Story last updated at 5:22 p.m. Thursday, June 13, 2002

Kings available, but elusive
by Sepp Jannotta
Staff Writer

Three fisheries biologists from the Alaska Department of Fish and Game took some time early Monday morning to enjoy the company of the creatures they spend so much time worrying about.

Larry Marsh, an assistant area biologist for the upper Kenai Peninsula who was fishing with a pair of his compatriots on Deep Creek, said there were plenty of king salmon in the river's lower reaches, but getting up close and personal was something of a problem.

"They were rolling and porpoising all over the place, but we just weren't having any luck catching them," Marsh said.

It's all a matter of timing, according to the Anchor Angler's Heath Harrington.

"Saturday was a phenomenal day of fishing (on the Anchor River,)" Harrington said, adding that Sunday and Monday also had their moments.

Harrington said he expects this weekend to be just as good.

With the Kenai River closed for kings, the Lower Peninsula king salmon fishing opportunities this weekend are: the Ninilchik and Anchor rivers and the Homer Spit Fishing Hole, and Halibut Cove Lagoon and the Seldovia Harbor area across Kachemak Bay.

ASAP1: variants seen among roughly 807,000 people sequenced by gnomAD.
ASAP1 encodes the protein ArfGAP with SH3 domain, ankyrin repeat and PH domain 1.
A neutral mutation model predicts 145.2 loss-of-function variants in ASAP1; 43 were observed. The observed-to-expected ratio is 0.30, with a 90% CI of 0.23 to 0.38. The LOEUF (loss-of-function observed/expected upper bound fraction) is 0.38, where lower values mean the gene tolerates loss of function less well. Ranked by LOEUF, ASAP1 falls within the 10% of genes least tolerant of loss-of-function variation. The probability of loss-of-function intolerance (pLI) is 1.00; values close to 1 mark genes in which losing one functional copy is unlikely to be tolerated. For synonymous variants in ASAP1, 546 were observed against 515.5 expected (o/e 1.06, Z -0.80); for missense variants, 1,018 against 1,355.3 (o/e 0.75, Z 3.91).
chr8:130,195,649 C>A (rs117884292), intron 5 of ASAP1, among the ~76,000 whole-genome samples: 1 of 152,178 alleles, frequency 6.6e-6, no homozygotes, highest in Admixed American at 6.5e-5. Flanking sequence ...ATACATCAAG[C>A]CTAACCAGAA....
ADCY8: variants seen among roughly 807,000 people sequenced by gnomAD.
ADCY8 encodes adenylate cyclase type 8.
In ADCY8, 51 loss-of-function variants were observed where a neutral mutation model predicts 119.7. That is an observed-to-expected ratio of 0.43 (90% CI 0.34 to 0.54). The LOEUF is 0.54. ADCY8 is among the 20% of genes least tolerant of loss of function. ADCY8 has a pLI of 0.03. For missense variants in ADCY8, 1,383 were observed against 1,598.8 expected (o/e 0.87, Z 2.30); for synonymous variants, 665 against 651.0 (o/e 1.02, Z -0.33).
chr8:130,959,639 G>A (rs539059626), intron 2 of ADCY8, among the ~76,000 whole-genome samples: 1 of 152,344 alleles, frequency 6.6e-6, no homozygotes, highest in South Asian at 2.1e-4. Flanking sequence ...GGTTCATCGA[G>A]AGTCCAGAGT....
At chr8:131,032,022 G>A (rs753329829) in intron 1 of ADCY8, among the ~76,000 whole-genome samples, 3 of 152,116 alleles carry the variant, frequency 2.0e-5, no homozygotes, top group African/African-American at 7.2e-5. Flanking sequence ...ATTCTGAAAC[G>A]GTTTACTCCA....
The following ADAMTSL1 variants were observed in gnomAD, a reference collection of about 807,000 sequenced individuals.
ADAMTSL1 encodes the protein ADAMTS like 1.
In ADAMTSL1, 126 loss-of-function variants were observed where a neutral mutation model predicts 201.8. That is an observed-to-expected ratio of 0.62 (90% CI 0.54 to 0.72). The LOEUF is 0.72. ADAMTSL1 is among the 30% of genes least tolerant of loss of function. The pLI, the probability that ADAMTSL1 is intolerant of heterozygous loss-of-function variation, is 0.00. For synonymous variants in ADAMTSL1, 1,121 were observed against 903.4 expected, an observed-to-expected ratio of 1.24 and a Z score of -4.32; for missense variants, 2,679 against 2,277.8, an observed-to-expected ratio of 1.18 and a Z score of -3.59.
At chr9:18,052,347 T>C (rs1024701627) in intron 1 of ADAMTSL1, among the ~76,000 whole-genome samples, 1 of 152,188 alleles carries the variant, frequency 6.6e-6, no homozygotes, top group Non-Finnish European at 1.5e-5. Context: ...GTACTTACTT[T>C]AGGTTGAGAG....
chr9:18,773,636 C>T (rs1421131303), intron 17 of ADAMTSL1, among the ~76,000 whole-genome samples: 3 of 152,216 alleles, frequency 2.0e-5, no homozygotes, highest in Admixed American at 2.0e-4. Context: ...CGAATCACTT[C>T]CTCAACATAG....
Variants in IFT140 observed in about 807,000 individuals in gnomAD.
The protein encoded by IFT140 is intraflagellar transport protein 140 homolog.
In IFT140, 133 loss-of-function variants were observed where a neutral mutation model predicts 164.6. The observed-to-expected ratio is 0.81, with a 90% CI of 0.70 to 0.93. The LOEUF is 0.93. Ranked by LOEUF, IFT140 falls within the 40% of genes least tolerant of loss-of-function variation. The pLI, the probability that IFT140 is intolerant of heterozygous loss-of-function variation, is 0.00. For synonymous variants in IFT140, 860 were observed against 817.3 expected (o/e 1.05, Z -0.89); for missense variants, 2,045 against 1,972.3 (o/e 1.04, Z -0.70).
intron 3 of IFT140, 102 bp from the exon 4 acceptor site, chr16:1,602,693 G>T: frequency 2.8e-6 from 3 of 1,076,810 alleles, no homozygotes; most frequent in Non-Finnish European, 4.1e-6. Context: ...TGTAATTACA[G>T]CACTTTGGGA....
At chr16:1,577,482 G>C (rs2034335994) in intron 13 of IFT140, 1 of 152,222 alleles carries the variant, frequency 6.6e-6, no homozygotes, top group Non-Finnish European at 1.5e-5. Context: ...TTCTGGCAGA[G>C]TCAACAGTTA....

The Anchor River is the only remaining spot to fish for a wild king in fresh water, as Deep Creek is now closed and anglers on the Ninilchik River are only allowed to keep hatchery-raised kings.

Wild kings from the Ninilchik River must be released immediately and may not be removed from the water. Hatchery fish can be identified by the absence of an adipose fin, the small fin that sits between the dorsal fin and the tail. Wild fish have an adipose fin.

Anglers out for king salmon in the saltwater troll fishery from Bluff Point to Deep Creek continue to have spotty success, while further out in lower Cook Inlet, the Halibut fishing has been excellent.

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